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Life at War (Civil War)
Transcript of Life at War (Civil War)
They were old and young, but mostly young… Road Networks
Importance of the Area
Example: The area between Richmond, VA and Washington, DC
Topography or Lay of the Land
Reliable Intelligence Six Reasons Why Battles
Happened in Certain Places Where Battles Happen For those who survived, memories of the war were a part of their everyday life. Memories of the War Life and Death Disease and Hygiene
Everyone and everything smelled during the Civil War.
Diarrhea was the greatest killer during the Civil War.
Of the more than 620,000 soldiers who died in the war, more than 400,000 died of sickness and disease. Life and Death Soldiers received news from multiple sources. Rumors were rampant and often magnified as soldiers wrote those rumors home. Newspapers were a great trade item, being passed across enemies picket lines and traded back and forth. Soldiers were always eager for news North or South. How they Communicated Salt pork, bacon, or beef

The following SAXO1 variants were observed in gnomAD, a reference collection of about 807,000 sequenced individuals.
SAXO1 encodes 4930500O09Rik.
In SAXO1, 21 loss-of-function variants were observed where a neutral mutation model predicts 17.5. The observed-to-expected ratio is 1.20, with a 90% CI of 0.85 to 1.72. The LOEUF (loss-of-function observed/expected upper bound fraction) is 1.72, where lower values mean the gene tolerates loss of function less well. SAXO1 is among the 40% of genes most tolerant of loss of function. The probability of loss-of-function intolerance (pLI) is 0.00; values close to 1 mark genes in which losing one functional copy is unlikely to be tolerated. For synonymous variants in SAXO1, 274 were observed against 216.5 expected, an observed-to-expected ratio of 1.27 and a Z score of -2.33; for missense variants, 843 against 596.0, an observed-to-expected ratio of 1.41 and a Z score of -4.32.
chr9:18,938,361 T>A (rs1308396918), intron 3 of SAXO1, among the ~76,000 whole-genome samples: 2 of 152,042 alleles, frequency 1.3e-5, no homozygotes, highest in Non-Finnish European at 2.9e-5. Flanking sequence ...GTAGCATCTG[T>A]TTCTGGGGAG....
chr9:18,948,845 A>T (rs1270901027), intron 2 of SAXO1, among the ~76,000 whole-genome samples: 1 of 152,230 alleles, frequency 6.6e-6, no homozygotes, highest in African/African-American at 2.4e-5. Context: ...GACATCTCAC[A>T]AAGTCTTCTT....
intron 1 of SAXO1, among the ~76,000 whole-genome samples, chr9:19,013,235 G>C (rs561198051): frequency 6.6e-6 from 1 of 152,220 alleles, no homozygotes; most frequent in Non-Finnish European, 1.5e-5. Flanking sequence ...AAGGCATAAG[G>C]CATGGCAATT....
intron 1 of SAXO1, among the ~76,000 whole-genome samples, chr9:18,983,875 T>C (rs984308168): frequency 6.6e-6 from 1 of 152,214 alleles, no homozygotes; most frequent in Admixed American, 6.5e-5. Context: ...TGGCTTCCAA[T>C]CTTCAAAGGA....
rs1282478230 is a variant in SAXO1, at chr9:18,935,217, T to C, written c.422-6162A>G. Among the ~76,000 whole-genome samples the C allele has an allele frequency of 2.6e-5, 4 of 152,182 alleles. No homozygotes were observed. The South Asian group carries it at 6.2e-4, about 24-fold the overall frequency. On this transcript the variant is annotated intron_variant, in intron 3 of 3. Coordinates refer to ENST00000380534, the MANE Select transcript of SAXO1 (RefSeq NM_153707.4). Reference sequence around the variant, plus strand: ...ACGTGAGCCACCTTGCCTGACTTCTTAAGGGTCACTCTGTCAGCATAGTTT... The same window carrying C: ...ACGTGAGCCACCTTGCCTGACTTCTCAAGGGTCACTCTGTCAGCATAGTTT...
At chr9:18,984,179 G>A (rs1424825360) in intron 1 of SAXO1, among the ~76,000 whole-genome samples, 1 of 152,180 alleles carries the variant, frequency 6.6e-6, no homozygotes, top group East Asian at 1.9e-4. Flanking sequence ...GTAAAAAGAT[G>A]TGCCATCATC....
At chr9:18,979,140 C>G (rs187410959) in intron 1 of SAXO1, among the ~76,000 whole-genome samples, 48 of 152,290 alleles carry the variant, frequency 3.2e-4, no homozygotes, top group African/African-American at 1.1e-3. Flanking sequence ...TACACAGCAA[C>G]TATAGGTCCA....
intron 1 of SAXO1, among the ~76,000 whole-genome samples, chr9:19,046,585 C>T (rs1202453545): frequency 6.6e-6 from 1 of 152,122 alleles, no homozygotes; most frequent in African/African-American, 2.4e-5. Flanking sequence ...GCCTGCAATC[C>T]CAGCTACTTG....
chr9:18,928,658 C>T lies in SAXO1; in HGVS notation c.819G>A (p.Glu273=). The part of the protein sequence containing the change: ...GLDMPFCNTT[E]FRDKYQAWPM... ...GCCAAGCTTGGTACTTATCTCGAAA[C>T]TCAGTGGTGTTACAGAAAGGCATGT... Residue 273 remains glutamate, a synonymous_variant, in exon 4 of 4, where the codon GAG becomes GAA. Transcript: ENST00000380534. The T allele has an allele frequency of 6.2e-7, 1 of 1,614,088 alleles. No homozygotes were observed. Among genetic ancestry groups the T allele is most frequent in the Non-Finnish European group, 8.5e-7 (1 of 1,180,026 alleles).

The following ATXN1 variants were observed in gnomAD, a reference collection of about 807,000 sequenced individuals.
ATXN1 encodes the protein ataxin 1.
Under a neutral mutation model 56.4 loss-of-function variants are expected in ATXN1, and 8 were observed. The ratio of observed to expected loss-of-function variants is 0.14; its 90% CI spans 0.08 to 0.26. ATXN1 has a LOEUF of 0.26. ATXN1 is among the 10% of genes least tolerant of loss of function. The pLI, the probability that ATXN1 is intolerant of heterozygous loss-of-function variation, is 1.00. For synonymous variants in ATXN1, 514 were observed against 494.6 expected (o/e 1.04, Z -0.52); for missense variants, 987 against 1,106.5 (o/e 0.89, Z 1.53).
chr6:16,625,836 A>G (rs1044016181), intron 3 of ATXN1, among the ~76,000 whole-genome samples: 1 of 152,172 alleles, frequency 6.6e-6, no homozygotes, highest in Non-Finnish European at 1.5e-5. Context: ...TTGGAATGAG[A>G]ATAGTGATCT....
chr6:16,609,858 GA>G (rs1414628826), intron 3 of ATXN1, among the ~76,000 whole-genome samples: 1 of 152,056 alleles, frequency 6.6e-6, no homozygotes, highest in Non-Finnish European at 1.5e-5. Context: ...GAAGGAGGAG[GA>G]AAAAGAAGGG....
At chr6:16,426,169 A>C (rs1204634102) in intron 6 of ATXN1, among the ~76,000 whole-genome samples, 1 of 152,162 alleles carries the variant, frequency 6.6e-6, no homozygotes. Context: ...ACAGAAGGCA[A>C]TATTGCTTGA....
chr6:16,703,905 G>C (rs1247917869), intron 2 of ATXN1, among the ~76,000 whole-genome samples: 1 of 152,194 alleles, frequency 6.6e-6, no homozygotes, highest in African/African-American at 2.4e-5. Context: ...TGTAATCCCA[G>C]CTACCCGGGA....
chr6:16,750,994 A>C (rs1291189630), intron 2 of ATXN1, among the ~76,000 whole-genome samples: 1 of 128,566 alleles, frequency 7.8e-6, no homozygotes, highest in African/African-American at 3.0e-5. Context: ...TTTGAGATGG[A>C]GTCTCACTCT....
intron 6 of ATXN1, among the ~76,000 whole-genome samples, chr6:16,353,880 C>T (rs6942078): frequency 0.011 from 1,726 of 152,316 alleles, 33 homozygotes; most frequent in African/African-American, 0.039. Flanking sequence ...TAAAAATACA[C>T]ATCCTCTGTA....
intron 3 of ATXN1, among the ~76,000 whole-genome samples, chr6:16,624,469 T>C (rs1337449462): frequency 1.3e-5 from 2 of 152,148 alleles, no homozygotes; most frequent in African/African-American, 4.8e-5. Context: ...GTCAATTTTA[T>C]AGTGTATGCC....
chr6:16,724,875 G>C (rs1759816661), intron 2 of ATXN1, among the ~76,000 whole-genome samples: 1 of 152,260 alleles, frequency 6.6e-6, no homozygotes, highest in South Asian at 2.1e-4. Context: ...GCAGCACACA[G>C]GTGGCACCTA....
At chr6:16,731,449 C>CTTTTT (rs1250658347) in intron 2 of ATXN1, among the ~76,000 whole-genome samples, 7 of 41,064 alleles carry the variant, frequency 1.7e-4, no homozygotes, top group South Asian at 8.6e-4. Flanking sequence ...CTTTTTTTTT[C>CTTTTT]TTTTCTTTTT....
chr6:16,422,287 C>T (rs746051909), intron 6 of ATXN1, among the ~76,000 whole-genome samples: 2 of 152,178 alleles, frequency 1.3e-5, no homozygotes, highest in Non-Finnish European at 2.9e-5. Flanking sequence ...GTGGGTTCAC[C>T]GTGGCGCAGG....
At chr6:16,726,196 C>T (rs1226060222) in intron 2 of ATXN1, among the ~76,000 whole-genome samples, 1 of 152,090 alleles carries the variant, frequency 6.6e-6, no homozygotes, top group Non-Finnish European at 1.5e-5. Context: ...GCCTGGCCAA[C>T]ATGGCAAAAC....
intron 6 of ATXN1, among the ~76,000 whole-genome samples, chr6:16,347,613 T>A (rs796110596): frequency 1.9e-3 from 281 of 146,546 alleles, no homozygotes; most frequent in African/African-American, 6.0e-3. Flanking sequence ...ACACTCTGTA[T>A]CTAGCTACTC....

Soft bread, flour, cornmeal, or hardtack
Beans or peas
Rice or hominy
Molasses What They Ate What They Carried Why They Fought / Where They Slept Why They Fought The Average Soldier The Average Soldier The Average Soldier About 2.75 million soldiers fought in the Civil War.
More than 620,000 men died in the war, with disease killing twice as many as those lost in battle. Life and Death "You have given your boys to die for their country. Now you can give your girls to nurse them.”
-Nurse Mary Stinebaugh Life and Death Life and Death Weapons technology – The rifled musket killed more soldiers than anything else, except disease. It’s effects also created wounds that were difficult to treat “first thing in the morning is drill, then drill, then drill again. Then drill, drill, a little more drill. Then drill and lastly drill. Between drills, we drill….”
– Union Soldier When They Weren’t Fighting Life and Death